Kenton County prosecutor favors tougher penalties for assaulting police dogs with deadly weapons
04/30/2015 11:38 AM
COVINGTON — For the second time in eight months, a police K-9 is recovering from gunshot wounds, and Kenton County Commonwealth’s Attorney Rob Sanders thinks it’s time that harsher penalties are given to suspects who wound police dogs with deadly weapons.
Covington K-9 Ernie was shot by a man in on April 23 who was accused of stabbing his own mother in the head. Police responded to the scene, where the suspect wounded Ernie before fleeing.
Covington police then arrested the suspect, 34-year-old Deleon Rice, and charged him with attempted murder on a police officer, assaulting a police officer, assaulting a police service animal, domestic violence, assault, fleeing and eluding or evading police, felony theft, felony safe cracking and breaking and entering.
Currently, state statues stipulate that the assault of a police K-9 is punishable by one to give years only if the K-9 is killed or cannot return to his duties. If the canine makes a full recovery, the charge is dropped to a misdemeanor.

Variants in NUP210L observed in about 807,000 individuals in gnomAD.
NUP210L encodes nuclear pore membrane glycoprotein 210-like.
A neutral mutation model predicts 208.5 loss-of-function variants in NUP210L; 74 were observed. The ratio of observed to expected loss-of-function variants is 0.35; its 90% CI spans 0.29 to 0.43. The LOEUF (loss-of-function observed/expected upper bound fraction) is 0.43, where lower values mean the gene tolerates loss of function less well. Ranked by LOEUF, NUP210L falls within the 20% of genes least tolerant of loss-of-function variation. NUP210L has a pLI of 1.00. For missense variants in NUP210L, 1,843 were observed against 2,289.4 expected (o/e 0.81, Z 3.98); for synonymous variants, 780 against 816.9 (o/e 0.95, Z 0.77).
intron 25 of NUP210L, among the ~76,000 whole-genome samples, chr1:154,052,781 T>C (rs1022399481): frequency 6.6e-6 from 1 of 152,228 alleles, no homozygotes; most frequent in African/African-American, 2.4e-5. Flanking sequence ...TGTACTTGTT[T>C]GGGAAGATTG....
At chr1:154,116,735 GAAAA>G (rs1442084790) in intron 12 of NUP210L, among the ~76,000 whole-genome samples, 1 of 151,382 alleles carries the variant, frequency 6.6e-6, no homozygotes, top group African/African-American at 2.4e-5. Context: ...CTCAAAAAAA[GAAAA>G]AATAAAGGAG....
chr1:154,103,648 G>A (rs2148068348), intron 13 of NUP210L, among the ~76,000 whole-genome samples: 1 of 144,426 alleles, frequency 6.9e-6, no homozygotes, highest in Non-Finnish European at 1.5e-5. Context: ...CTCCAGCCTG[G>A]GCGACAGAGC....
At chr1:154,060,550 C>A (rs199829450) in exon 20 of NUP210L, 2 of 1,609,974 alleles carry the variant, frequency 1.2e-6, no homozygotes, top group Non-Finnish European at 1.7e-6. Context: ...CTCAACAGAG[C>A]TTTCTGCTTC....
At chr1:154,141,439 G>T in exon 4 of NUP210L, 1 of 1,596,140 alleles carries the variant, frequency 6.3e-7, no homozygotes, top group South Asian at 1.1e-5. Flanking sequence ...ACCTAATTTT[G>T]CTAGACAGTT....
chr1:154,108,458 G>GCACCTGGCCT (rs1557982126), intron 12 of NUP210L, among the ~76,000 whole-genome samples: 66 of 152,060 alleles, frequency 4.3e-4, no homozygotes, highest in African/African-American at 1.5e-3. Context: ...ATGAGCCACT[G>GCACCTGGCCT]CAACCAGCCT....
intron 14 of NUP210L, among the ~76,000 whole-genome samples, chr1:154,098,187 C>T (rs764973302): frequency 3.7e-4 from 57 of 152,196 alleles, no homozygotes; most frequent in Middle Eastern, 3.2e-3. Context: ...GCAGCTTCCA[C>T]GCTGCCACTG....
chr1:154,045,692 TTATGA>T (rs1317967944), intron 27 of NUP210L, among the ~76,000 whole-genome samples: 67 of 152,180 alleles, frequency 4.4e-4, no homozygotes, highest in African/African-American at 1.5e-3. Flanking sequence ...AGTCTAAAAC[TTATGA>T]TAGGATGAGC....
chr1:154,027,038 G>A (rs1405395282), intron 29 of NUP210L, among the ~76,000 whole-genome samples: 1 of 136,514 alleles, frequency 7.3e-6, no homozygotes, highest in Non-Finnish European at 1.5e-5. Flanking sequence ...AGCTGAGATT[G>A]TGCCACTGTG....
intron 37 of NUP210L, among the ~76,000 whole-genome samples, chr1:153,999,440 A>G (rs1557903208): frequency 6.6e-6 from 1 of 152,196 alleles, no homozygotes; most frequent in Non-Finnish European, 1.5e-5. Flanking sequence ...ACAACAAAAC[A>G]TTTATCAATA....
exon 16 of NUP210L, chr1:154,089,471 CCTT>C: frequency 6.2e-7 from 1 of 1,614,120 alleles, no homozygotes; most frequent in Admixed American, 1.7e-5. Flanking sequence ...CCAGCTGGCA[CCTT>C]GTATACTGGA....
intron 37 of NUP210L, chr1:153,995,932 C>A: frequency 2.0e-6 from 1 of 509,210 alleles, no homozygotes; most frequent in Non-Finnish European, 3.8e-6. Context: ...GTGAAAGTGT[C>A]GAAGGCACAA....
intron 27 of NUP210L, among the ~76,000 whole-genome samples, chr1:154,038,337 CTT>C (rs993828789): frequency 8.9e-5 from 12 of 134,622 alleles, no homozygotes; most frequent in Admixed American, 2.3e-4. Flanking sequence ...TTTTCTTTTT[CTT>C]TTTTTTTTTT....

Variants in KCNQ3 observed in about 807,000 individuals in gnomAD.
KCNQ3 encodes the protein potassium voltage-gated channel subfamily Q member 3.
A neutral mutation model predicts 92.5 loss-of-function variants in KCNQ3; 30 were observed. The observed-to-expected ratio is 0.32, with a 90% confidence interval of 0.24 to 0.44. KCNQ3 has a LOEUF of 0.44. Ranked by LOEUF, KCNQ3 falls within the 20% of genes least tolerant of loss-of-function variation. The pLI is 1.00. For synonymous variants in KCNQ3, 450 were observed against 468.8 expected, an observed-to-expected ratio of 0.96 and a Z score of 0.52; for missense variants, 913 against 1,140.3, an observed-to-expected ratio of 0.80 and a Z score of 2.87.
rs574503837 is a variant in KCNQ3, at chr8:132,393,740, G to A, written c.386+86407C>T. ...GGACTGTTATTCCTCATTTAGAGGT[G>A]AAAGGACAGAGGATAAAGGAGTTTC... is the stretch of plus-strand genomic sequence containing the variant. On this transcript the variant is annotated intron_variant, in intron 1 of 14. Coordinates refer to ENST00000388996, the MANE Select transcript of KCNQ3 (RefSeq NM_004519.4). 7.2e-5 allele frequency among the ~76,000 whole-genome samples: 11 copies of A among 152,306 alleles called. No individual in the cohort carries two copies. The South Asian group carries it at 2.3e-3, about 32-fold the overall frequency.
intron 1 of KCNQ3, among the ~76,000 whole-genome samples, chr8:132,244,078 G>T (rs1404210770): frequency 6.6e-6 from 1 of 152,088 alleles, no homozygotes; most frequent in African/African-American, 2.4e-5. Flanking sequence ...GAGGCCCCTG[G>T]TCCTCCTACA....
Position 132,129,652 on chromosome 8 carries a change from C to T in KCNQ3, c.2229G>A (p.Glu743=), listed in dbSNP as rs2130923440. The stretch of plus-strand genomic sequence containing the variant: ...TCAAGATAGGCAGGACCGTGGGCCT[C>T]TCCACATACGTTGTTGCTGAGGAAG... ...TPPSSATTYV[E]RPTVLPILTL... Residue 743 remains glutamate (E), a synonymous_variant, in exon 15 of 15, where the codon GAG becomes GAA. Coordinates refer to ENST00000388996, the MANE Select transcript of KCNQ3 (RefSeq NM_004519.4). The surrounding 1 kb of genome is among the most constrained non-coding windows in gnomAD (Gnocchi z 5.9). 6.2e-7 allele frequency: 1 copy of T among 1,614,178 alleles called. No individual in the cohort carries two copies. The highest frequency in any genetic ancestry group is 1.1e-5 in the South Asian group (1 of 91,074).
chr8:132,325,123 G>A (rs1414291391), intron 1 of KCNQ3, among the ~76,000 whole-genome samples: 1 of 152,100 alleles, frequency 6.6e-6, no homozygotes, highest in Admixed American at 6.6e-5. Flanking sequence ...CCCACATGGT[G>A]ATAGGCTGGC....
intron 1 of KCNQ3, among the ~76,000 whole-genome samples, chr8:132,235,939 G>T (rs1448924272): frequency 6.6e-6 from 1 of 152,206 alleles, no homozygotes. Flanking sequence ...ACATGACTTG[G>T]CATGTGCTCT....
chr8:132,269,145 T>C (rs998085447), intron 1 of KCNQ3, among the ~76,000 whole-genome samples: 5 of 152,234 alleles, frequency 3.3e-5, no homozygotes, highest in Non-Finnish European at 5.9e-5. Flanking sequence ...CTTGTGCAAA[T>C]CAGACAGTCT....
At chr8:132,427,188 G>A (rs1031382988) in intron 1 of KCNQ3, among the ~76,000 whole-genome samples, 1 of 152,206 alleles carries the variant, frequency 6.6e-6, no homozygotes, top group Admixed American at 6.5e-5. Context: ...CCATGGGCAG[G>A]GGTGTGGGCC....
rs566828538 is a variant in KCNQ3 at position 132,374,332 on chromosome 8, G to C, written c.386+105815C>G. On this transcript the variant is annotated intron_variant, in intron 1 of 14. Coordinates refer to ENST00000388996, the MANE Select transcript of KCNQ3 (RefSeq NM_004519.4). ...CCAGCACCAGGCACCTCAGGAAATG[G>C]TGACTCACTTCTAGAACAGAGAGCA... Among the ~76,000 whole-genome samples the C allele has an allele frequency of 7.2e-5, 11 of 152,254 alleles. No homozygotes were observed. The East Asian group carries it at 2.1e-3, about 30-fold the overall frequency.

Sanders would like to see a change in the law that would make it a felony to use a deadly weapon against a police dog, regardless of whether the canine recovers or not.
“I just don’t think the intent should be negated by that the (K-9) officer returned to work,” said Sanders. “The fact that somebody used a deadly weapon and attacked a police K-9 and tried to kill the dog and injured it as well with a gun, that’s just so malicious and so evil, that I think that’s the kind of person that should, at the very least, be facing one to five years in prison.”
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